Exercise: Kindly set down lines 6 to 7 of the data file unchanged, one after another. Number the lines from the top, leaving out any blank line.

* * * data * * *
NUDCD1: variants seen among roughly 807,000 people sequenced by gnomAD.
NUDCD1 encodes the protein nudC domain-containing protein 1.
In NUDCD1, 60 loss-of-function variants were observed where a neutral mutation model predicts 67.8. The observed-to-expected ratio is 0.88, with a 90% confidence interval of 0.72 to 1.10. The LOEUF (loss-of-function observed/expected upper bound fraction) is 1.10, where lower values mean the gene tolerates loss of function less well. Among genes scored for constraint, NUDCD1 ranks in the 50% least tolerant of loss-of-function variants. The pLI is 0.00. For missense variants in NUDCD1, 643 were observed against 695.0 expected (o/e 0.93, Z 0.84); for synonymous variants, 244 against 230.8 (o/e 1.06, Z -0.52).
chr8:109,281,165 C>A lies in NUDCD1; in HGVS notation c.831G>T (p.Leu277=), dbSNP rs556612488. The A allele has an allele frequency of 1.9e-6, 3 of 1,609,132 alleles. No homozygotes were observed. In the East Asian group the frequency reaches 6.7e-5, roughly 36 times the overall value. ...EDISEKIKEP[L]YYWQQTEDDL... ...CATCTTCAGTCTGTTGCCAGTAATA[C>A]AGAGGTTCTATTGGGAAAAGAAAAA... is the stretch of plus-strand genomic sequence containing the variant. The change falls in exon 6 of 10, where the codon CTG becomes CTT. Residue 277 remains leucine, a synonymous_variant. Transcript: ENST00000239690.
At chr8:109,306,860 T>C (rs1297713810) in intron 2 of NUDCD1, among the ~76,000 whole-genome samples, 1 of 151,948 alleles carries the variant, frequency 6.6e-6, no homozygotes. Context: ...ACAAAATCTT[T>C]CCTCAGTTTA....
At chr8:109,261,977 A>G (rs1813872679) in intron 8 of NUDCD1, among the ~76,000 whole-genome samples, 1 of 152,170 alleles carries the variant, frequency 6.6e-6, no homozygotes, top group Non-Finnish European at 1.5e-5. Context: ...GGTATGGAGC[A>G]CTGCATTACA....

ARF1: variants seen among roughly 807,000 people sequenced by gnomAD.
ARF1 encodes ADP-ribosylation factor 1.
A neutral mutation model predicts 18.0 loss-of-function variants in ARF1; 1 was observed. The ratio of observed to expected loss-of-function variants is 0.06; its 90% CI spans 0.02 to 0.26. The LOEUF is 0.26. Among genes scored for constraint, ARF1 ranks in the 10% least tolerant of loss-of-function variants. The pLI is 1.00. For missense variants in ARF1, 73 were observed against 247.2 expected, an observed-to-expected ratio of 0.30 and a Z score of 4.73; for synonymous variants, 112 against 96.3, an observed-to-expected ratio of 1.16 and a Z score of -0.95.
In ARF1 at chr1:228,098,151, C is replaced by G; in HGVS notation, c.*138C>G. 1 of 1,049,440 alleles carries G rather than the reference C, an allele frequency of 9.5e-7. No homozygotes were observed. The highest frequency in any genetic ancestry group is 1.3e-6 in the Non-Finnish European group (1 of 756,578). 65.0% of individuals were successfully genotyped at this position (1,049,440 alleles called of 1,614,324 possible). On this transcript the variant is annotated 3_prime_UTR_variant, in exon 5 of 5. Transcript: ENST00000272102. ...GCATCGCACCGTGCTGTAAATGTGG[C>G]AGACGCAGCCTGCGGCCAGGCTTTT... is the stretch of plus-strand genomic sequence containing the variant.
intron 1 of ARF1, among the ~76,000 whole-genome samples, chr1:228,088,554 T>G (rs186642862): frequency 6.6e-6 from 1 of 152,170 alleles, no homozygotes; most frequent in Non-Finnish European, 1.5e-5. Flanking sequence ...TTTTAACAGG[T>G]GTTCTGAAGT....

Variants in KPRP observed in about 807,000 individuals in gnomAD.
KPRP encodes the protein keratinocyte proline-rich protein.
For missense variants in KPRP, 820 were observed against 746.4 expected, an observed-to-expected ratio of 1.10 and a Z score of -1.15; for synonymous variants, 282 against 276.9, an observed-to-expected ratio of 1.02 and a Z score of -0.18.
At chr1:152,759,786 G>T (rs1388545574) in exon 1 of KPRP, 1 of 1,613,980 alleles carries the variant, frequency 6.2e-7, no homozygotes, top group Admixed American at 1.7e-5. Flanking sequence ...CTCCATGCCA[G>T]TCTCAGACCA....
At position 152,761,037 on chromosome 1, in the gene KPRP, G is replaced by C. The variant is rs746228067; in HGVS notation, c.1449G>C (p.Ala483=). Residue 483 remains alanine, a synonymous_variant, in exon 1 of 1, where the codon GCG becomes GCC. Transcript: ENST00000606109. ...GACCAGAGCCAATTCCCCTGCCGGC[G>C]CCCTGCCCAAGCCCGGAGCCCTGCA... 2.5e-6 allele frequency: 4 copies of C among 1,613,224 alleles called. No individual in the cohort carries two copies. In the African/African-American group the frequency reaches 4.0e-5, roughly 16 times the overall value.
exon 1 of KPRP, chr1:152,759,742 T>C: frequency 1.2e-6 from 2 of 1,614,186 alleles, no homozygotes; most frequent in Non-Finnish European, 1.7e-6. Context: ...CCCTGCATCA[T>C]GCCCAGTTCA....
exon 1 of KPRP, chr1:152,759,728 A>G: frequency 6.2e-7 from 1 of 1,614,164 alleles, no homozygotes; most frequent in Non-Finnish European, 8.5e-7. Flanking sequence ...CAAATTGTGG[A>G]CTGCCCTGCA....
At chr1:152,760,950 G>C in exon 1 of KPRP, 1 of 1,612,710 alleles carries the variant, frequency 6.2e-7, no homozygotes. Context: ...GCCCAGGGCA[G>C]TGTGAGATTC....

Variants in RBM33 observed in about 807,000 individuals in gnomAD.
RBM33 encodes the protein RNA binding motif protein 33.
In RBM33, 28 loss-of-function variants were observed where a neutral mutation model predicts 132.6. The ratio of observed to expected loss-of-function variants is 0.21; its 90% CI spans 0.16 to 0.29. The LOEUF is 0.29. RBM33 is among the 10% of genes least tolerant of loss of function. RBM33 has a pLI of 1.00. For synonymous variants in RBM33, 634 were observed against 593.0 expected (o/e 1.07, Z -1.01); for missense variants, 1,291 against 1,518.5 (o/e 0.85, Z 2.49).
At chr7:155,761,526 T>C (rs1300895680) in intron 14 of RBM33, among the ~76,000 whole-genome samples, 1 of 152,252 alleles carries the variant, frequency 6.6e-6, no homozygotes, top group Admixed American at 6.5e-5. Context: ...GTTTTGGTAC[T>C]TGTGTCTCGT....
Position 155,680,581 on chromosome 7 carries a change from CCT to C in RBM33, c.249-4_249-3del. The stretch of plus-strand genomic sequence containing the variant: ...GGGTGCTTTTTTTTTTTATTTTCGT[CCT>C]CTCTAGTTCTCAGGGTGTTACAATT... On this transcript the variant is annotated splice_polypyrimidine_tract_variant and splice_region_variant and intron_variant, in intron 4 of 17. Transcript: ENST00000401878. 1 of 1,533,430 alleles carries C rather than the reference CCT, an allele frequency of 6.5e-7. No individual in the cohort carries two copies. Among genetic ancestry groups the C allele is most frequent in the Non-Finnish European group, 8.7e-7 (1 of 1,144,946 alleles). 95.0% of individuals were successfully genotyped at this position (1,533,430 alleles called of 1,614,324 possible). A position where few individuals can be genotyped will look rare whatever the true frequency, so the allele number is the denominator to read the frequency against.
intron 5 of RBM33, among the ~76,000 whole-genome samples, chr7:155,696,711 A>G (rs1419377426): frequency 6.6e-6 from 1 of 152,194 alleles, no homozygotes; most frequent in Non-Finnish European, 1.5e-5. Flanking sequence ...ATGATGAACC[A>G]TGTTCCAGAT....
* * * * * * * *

At chr8:109,261,977 A>G (rs1813872679) in intron 8 of NUDCD1, among the ~76,000 whole-genome samples, 1 of 152,170 alleles carries the variant, frequency 6.6e-6, no homozygotes, top group Non-Finnish European at 1.5e-5. Context: ...GGTATGGAGC[A>G]CTGCATTACA....

ARF1: variants seen among roughly 807,000 people sequenced by gnomAD.